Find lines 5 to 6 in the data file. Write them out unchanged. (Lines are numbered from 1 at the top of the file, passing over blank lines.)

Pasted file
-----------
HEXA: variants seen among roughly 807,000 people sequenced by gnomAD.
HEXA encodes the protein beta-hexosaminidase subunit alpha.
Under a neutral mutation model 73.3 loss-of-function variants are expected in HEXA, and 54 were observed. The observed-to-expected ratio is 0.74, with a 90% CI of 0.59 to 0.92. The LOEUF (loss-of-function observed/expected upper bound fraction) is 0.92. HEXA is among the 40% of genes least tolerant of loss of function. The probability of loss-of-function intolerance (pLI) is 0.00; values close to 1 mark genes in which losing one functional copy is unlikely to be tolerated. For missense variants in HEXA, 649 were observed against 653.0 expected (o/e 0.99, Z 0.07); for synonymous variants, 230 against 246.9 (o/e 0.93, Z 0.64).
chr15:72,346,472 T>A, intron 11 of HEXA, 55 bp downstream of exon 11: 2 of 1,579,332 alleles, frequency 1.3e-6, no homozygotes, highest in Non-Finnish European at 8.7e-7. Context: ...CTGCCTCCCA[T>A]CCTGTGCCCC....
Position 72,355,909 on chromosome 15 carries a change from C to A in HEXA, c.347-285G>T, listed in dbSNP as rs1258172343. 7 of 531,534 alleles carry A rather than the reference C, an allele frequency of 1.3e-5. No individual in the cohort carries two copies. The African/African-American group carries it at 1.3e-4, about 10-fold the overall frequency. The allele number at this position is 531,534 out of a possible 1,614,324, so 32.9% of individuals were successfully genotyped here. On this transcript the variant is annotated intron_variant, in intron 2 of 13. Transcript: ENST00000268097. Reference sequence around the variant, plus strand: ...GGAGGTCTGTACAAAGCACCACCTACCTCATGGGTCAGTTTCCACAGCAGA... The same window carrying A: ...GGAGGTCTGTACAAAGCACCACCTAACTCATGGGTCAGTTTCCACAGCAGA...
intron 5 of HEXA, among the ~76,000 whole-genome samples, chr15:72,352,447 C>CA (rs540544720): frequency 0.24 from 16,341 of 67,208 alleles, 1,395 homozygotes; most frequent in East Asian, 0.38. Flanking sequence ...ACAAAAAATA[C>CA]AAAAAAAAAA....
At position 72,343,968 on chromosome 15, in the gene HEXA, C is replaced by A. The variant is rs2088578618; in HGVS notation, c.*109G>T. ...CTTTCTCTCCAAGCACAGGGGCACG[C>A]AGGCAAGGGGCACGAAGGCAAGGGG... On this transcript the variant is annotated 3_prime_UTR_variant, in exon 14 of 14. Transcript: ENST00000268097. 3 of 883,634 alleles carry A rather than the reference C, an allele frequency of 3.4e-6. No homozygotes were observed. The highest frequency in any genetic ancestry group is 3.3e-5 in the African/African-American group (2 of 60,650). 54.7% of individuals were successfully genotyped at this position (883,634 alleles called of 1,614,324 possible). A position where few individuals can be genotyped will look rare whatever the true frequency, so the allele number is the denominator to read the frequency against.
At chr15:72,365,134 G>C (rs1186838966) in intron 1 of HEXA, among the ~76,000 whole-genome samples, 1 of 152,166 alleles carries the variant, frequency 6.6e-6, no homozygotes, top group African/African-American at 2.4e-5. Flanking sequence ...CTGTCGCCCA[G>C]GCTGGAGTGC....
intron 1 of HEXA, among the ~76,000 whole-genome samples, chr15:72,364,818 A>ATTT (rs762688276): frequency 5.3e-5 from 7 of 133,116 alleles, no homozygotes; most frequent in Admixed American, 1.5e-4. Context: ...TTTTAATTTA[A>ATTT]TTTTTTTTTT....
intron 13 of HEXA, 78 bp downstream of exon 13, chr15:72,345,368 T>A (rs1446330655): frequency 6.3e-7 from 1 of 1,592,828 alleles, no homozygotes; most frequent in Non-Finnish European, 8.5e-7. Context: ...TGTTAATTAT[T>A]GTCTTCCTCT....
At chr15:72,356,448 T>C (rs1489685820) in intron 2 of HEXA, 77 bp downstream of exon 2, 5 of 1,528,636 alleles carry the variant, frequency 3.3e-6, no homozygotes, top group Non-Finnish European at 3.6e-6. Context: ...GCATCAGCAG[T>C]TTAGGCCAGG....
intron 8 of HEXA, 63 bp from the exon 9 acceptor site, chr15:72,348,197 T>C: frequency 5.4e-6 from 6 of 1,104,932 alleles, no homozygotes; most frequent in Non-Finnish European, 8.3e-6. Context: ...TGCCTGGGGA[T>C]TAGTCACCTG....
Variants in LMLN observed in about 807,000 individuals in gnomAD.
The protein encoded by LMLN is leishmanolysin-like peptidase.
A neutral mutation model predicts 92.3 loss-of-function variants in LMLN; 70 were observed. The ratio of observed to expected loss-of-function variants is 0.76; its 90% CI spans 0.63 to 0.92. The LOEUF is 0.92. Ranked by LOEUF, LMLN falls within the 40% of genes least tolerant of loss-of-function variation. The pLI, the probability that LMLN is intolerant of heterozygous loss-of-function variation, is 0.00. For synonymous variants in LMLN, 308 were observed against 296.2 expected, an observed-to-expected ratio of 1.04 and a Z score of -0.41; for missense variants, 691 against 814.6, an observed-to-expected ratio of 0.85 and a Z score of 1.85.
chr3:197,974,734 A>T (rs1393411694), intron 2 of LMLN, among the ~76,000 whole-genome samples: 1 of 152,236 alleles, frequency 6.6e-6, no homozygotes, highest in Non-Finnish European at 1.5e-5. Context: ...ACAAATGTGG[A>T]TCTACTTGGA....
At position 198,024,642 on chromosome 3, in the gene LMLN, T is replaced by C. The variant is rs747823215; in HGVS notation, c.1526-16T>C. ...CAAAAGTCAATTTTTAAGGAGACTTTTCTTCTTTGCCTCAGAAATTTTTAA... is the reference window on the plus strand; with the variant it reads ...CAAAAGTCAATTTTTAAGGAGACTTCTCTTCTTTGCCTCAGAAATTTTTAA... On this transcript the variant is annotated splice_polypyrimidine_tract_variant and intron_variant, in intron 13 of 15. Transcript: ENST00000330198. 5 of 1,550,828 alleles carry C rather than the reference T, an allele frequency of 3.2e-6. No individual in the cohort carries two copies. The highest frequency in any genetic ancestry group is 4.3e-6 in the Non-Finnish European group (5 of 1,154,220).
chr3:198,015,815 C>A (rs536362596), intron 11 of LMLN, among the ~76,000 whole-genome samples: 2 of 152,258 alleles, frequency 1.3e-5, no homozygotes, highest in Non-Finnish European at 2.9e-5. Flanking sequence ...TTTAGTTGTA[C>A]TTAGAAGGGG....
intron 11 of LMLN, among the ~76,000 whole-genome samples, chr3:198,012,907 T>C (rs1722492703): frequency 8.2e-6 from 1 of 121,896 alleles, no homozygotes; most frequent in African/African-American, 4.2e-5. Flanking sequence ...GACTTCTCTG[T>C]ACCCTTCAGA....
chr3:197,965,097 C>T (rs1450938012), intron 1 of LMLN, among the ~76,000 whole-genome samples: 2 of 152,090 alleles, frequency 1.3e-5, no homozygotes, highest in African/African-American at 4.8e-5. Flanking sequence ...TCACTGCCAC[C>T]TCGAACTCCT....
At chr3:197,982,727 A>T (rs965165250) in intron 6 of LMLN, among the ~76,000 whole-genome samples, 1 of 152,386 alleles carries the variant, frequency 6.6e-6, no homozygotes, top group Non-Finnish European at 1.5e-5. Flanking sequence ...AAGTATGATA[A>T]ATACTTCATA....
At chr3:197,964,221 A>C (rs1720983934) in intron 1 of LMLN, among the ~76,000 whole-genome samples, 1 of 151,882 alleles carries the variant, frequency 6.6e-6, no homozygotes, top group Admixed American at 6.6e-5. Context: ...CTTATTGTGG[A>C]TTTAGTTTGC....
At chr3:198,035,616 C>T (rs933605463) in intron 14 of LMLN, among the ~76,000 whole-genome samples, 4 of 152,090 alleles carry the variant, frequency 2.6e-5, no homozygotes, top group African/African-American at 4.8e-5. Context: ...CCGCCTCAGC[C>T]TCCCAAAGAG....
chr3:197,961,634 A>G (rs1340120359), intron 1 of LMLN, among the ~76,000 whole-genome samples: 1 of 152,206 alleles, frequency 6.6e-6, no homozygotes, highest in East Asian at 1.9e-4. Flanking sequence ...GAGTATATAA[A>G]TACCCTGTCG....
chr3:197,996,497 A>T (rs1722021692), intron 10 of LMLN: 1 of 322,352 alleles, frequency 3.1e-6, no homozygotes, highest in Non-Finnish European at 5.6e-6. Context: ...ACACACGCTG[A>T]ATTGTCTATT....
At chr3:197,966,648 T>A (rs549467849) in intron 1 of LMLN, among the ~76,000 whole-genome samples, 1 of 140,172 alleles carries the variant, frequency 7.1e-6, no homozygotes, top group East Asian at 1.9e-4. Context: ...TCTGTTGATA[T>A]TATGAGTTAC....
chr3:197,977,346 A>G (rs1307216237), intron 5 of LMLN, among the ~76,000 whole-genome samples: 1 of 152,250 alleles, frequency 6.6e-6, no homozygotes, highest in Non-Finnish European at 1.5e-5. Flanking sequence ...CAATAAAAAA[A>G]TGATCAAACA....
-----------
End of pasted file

Position 72,355,909 on chromosome 15 carries a change from C to A in HEXA, c.347-285G>T, listed in dbSNP as rs1258172343. 7 of 531,534 alleles carry A rather than the reference C, an allele frequency of 1.3e-5. No individual in the cohort carries two copies. The African/African-American group carries it at 1.3e-4, about 10-fold the overall frequency. The allele number at this position is 531,534 out of a possible 1,614,324, so 32.9% of individuals were successfully genotyped here. On this transcript the variant is annotated intron_variant, in intron 2 of 13. Transcript: ENST00000268097. Reference sequence around the variant, plus strand: ...GGAGGTCTGTACAAAGCACCACCTACCTCATGGGTCAGTTTCCACAGCAGA... The same window carrying A: ...GGAGGTCTGTACAAAGCACCACCTAACTCATGGGTCAGTTTCCACAGCAGA...
intron 5 of HEXA, among the ~76,000 whole-genome samples, chr15:72,352,447 C>CA (rs540544720): frequency 0.24 from 16,341 of 67,208 alleles, 1,395 homozygotes; most frequent in East Asian, 0.38. Flanking sequence ...ACAAAAAATA[C>CA]AAAAAAAAAA....